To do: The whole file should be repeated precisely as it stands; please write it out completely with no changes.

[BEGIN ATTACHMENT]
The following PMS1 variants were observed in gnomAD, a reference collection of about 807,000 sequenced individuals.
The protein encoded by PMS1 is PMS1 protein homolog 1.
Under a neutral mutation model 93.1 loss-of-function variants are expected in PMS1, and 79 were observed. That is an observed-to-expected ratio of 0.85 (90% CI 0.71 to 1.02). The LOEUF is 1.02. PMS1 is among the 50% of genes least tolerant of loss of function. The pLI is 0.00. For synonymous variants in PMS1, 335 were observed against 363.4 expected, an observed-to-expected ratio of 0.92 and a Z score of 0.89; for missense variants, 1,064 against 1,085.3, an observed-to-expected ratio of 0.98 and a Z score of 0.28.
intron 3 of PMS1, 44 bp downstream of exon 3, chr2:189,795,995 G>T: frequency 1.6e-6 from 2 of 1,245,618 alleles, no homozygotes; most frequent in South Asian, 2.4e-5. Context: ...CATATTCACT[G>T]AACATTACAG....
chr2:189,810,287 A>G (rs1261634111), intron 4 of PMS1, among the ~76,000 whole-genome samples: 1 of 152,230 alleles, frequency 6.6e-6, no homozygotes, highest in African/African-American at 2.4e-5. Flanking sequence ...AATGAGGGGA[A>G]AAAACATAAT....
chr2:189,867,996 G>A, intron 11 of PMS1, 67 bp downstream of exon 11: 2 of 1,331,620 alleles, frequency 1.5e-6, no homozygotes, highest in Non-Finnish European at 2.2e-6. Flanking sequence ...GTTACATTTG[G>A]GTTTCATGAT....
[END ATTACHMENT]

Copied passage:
The following PMS1 variants were observed in gnomAD, a reference collection of about 807,000 sequenced individuals.
The protein encoded by PMS1 is PMS1 protein homolog 1.
Under a neutral mutation model 93.1 loss-of-function variants are expected in PMS1, and 79 were observed. That is an observed-to-expected ratio of 0.85 (90% CI 0.71 to 1.02). The LOEUF is 1.02. PMS1 is among the 50% of genes least tolerant of loss of function. The pLI is 0.00. For synonymous variants in PMS1, 335 were observed against 363.4 expected, an observed-to-expected ratio of 0.92 and a Z score of 0.89; for missense variants, 1,064 against 1,085.3, an observed-to-expected ratio of 0.98 and a Z score of 0.28.
intron 3 of PMS1, 44 bp downstream of exon 3, chr2:189,795,995 G>T: frequency 1.6e-6 from 2 of 1,245,618 alleles, no homozygotes; most frequent in South Asian, 2.4e-5. Context: ...CATATTCACT[G>T]AACATTACAG....
chr2:189,810,287 A>G (rs1261634111), intron 4 of PMS1, among the ~76,000 whole-genome samples: 1 of 152,230 alleles, frequency 6.6e-6, no homozygotes, highest in African/African-American at 2.4e-5. Flanking sequence ...AATGAGGGGA[A>G]AAAACATAAT....
chr2:189,867,996 G>A, intron 11 of PMS1, 67 bp downstream of exon 11: 2 of 1,331,620 alleles, frequency 1.5e-6, no homozygotes, highest in Non-Finnish European at 2.2e-6. Flanking sequence ...GTTACATTTG[G>A]GTTTCATGAT....